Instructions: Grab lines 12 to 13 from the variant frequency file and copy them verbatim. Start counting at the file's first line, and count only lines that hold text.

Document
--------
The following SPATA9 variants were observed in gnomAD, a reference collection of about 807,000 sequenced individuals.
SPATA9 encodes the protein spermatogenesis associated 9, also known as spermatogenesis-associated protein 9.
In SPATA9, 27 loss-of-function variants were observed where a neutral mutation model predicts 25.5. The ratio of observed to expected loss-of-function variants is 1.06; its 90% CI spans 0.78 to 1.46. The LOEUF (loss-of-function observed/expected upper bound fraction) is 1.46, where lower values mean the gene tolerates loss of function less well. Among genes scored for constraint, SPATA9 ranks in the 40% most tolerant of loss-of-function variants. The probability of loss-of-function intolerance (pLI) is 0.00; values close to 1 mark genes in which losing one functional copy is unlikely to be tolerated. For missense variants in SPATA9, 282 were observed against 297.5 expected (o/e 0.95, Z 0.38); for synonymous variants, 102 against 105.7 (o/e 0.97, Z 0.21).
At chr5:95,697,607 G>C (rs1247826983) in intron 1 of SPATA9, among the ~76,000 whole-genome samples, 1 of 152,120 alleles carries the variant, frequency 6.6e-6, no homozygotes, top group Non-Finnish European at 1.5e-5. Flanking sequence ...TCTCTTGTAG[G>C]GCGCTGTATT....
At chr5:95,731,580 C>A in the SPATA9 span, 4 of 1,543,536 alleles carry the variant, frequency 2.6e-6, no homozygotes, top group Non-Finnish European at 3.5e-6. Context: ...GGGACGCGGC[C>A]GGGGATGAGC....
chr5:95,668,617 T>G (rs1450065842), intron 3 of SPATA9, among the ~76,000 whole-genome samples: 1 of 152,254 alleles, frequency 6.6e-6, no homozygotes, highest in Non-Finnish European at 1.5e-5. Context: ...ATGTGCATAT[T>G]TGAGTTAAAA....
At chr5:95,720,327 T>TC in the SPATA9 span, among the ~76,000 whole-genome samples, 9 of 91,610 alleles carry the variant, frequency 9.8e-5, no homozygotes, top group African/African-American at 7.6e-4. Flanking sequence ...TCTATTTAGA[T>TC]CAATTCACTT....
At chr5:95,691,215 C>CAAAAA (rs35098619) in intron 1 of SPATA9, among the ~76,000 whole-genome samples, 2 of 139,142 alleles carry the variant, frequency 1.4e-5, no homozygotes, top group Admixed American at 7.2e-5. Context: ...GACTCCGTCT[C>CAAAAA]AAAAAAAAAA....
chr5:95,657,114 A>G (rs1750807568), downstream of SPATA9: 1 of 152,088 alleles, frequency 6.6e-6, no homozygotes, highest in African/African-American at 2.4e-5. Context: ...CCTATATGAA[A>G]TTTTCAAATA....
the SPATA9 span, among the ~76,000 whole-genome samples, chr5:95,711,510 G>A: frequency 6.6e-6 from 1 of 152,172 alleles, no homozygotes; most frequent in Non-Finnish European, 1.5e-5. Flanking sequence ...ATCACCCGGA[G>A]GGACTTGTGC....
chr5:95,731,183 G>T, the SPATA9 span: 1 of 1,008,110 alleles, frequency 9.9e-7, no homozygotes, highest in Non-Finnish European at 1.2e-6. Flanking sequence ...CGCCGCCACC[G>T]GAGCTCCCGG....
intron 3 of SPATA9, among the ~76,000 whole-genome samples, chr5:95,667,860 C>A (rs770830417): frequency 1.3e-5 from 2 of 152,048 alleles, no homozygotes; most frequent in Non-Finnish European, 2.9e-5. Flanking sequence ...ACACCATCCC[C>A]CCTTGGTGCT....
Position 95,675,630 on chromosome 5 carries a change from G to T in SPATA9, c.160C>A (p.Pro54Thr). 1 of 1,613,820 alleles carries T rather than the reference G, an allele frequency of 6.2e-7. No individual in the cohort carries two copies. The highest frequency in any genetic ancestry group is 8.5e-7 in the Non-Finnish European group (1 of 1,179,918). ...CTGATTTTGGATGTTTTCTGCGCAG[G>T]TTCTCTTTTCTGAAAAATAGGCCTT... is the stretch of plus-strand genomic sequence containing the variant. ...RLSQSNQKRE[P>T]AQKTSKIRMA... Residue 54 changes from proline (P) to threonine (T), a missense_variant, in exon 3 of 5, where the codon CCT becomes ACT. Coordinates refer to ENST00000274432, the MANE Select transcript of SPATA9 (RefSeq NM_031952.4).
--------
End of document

intron 3 of SPATA9, among the ~76,000 whole-genome samples, chr5:95,667,860 C>A (rs770830417): frequency 1.3e-5 from 2 of 152,048 alleles, no homozygotes; most frequent in Non-Finnish European, 2.9e-5. Flanking sequence ...ACACCATCCC[C>A]CCTTGGTGCT....
Position 95,675,630 on chromosome 5 carries a change from G to T in SPATA9, c.160C>A (p.Pro54Thr). 1 of 1,613,820 alleles carries T rather than the reference G, an allele frequency of 6.2e-7. No individual in the cohort carries two copies. The highest frequency in any genetic ancestry group is 8.5e-7 in the Non-Finnish European group (1 of 1,179,918). ...CTGATTTTGGATGTTTTCTGCGCAG[G>T]TTCTCTTTTCTGAAAAATAGGCCTT... is the stretch of plus-strand genomic sequence containing the variant. ...RLSQSNQKRE[P>T]AQKTSKIRMA... Residue 54 changes from proline (P) to threonine (T), a missense_variant, in exon 3 of 5, where the codon CCT becomes ACT. Coordinates refer to ENST00000274432, the MANE Select transcript of SPATA9 (RefSeq NM_031952.4).